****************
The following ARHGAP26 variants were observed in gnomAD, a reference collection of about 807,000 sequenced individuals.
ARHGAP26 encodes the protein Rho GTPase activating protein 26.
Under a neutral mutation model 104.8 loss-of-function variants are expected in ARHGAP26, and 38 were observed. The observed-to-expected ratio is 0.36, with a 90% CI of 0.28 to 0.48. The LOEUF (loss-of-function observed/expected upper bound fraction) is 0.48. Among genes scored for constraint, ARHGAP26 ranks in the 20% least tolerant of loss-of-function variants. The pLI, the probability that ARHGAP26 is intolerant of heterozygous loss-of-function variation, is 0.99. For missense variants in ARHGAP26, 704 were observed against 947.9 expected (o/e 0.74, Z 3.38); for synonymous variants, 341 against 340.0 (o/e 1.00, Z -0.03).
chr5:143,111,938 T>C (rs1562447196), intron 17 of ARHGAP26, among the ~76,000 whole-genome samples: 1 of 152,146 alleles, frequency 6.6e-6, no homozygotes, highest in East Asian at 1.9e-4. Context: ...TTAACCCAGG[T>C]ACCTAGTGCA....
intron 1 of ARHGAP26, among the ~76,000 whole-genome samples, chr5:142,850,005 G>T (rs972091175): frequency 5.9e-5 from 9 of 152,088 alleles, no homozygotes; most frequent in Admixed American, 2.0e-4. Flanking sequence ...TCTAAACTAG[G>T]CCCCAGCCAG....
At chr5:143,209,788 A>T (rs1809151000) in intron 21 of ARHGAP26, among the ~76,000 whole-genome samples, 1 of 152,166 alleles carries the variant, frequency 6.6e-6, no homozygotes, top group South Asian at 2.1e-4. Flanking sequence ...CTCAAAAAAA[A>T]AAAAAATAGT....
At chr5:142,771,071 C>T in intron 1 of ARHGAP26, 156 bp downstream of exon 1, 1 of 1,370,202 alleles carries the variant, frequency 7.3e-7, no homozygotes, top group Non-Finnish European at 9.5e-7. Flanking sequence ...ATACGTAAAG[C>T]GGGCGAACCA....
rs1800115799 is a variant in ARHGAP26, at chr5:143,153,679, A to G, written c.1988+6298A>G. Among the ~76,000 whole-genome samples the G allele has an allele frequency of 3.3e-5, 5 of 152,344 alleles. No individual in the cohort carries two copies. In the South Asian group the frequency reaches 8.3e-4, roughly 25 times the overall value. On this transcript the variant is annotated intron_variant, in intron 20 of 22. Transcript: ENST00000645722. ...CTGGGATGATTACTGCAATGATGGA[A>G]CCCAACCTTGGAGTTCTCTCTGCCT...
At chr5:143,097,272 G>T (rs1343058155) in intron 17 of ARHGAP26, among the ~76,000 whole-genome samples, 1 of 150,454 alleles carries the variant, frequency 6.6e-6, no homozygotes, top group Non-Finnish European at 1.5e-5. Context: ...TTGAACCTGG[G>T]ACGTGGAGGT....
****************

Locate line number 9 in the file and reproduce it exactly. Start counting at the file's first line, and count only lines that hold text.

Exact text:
At chr5:143,097,272 G>T (rs1343058155) in intron 17 of ARHGAP26, among the ~76,000 whole-genome samples, 1 of 150,454 alleles carries the variant, frequency 6.6e-6, no homozygotes, top group Non-Finnish European at 1.5e-5. Context: ...TTGAACCTGG[G>T]ACGTGGAGGT....